Friday, April 29, 2011
On this day...
She gave me life, taught me right from wrong and how to be strong, laid my foundation, paved my path, taught me never to hold a grudge, how to hold onto my beliefs and God's hand. This is the day she died.
While others are celebrating the wedding of the century across the pond, today, I celebrate my mom. I was at her hospital bedside for five days, then I had to go home and plan her memorial, write her eulogy and relocate her husband of forty years, clean out their apartment and move on with my life. Stoically I did what had to be done.
Overwhelmed, with a heavy heart, I did my best. Her memorial service was held at her senior complex sanctuary. It was difficult to walk into her apartment to prepare the food. I turned on the TV for background noise and nearly choked on my own saliva when my mom's favorite televangelist spoke, "Today you have a tough task ahead of you. Lift your head and give it up to the Lord, and you will get through this." I know that a million viewers heard the same message, but it profoundly affected me.
My adult son, with an expectant wife and little boy, had been unemployed for six months. He had recently gotten a new job at half the salary. He wanted a new position which was opening up at work, but he didn't have enough seniority to apply. He relayed to me the message my mom had given to him the week before, "Grandma told me, 'In God's time, everything happens in God's time, not ours.'" I smiled and nodded. Mom was such a preacher. I used to kid her that I could take a spoonful of her daily sermons, but she tried to give me a shovelful each phone call.
"Okay, stop! Im a believer, Mom." We'd both laugh about it.
Her service was planned for 2:00 p.m. The chapel overflowed, and I sat in the vestibule greeting people. Someone came to get me. They said, "You're really late; it's 2:15."
I looked at my watch. It read 2:00 p.m. It had stopped at the exact moment her service was to begin, and I never replaced the battery. My daughter has that watch on display next to her grandma's photo.
As the service concluded, my son's cell phone rang. He stepped into the hall and his face drained of color. I walked to him with a questioning look. I couldn't handle any more bad news.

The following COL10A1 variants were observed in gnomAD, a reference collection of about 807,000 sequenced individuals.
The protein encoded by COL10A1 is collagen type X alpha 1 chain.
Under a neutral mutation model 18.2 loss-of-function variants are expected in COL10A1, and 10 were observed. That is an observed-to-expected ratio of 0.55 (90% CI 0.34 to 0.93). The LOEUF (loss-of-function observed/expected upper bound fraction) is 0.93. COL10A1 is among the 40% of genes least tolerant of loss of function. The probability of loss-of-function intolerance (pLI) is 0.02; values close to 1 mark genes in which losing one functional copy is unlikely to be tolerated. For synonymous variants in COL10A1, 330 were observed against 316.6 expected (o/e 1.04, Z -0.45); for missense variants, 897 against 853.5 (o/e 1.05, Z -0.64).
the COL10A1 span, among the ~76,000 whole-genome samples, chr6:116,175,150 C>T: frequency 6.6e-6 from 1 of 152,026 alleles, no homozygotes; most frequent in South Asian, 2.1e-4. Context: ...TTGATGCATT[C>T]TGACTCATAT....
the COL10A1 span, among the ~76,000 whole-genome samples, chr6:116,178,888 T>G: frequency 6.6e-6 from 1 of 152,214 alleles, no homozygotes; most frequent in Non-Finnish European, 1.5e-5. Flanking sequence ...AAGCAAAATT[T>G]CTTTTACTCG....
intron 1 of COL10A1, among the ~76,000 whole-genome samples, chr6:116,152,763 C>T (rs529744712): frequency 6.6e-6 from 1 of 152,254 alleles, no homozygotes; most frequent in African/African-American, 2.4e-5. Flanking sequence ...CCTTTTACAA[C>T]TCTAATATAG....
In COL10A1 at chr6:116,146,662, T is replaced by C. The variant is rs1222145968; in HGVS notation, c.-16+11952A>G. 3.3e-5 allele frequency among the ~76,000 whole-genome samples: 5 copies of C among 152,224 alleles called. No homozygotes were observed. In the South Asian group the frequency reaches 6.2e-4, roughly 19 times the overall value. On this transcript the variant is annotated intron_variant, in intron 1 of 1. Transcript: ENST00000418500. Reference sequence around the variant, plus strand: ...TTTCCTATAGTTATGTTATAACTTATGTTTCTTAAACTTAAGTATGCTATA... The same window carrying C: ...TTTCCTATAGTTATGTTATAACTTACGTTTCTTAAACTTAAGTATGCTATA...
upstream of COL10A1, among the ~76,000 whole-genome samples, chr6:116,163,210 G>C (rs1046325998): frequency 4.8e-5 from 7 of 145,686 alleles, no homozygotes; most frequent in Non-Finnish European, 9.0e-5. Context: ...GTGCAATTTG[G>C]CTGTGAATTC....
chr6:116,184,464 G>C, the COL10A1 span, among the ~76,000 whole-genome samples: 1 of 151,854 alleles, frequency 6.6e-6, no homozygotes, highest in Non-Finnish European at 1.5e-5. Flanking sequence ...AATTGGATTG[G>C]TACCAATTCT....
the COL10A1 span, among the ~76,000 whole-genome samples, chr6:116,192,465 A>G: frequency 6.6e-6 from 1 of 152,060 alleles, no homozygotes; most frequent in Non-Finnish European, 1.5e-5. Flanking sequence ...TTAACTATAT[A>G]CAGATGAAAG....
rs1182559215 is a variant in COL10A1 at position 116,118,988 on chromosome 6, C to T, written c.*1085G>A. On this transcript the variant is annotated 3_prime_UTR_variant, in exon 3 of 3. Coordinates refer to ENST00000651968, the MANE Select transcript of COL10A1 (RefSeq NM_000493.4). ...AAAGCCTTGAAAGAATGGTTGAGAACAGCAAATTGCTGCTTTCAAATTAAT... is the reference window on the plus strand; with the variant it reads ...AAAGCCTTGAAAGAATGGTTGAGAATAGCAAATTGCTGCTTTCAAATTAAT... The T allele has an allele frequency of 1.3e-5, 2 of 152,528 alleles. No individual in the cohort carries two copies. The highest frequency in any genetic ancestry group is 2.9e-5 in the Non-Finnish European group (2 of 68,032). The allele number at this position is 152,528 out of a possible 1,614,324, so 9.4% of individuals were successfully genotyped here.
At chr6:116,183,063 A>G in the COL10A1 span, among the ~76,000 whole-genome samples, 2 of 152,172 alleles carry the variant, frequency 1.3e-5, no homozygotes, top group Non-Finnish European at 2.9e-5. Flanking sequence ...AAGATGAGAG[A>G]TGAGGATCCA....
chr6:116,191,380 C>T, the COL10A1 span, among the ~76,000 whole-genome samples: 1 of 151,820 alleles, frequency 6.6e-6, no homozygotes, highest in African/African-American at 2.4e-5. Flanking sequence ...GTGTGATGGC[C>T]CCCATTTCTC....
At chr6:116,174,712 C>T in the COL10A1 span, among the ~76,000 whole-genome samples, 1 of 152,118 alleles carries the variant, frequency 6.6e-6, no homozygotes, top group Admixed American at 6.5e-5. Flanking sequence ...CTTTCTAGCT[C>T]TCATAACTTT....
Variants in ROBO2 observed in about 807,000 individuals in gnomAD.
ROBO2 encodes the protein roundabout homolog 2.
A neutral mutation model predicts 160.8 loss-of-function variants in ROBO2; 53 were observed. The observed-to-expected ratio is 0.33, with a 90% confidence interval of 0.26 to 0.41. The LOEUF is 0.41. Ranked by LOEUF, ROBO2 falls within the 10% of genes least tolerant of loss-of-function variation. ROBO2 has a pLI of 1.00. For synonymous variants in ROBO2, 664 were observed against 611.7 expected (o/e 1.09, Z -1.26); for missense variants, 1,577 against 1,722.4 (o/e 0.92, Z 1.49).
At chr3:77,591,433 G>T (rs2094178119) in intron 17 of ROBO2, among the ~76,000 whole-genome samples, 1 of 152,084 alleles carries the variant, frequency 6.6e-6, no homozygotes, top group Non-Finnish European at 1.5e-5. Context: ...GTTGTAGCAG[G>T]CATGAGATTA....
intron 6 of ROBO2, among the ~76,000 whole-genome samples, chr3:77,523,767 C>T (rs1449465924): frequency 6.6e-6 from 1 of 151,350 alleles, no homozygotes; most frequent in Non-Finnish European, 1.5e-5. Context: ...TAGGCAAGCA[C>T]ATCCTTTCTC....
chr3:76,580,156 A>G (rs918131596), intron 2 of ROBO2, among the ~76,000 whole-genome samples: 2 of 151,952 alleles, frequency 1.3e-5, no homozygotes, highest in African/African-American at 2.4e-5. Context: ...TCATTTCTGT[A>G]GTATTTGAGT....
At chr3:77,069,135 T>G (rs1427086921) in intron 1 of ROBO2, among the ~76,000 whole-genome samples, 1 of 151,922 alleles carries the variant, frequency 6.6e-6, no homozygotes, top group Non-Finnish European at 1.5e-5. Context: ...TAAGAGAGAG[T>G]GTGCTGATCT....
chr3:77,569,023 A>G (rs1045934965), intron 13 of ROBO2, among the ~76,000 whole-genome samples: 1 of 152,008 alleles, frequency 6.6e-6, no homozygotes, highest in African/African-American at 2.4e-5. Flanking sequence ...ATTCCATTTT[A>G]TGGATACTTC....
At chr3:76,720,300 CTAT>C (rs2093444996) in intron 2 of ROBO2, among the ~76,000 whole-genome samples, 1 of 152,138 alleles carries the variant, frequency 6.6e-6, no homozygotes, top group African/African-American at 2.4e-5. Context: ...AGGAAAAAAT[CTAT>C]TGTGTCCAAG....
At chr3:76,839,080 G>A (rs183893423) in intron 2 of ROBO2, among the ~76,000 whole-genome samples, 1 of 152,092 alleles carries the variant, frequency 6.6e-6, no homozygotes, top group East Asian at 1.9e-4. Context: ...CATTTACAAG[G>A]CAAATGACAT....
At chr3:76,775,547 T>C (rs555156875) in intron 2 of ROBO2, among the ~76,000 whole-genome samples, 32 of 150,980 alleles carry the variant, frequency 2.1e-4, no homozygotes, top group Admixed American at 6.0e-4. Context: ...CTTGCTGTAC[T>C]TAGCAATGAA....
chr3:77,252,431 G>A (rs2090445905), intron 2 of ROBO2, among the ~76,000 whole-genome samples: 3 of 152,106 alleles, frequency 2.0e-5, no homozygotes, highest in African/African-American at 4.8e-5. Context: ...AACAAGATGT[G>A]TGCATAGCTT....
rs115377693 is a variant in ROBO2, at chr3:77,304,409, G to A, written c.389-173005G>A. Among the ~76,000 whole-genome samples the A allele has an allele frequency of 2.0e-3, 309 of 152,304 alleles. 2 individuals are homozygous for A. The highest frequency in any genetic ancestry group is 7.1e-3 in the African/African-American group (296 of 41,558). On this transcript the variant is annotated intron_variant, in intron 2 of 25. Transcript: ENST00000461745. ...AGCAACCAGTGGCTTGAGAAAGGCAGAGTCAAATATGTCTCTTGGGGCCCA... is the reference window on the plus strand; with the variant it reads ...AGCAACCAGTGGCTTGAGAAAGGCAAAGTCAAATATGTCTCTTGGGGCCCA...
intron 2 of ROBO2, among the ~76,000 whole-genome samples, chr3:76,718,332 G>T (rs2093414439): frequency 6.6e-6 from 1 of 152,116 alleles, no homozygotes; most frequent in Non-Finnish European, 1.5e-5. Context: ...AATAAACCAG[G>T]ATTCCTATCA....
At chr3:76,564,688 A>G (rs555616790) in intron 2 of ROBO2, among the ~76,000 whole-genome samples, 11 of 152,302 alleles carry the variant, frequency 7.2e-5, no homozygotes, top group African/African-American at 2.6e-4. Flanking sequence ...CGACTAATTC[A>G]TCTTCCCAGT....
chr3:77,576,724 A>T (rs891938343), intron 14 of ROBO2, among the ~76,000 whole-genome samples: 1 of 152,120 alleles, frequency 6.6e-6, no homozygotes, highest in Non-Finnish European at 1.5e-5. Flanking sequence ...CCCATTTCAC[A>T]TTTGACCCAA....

He said, "That was my work calling. They gave me the promotion." We rejoiced and hugged and thanked Mom and God for that gift.
Then, as I entered the elevator to take food to the luncheon, a woman exited. She looked exactly like my late grandmother, my mother's mother. I nearly dropped the casserole. I couldn't stop staring at her. That was confirmation enough to me that Mom was in the presence of other loved ones.
I spent the next entire week cleaning out her apartment. I had to return to school for a big event and a much anticipated tea party for Mother's Day. I did not know how I would make it through the day having to greet moms without breaking down, after just losing mine.
"Give me a sign to help get me through this day," I prayed silently.
Outside my classroom door I heard a mother say, "Come here and let me wipe your face. Nothing better than mama's spit to get you clean."
EXACTLY what my mom used to say and do to me. At that moment, I could smell her saliva and feel her touch. I was not the teacher, I was one of my five year olds. I made it through the day without shedding a tear.
Two months later, on the anniversary of her birthday, my step-brother called and said, "I am so sorry."
I said, "It's okay."
He said, "No, it's not. I am sorry to tell you Dad died."
This is the woman who used to be that woman's little girl, who grew up to believe that everything happens for a reason, and that there are unexplainable events and occurences that we should be open to and accept as gifts. I don't believe in coincidence.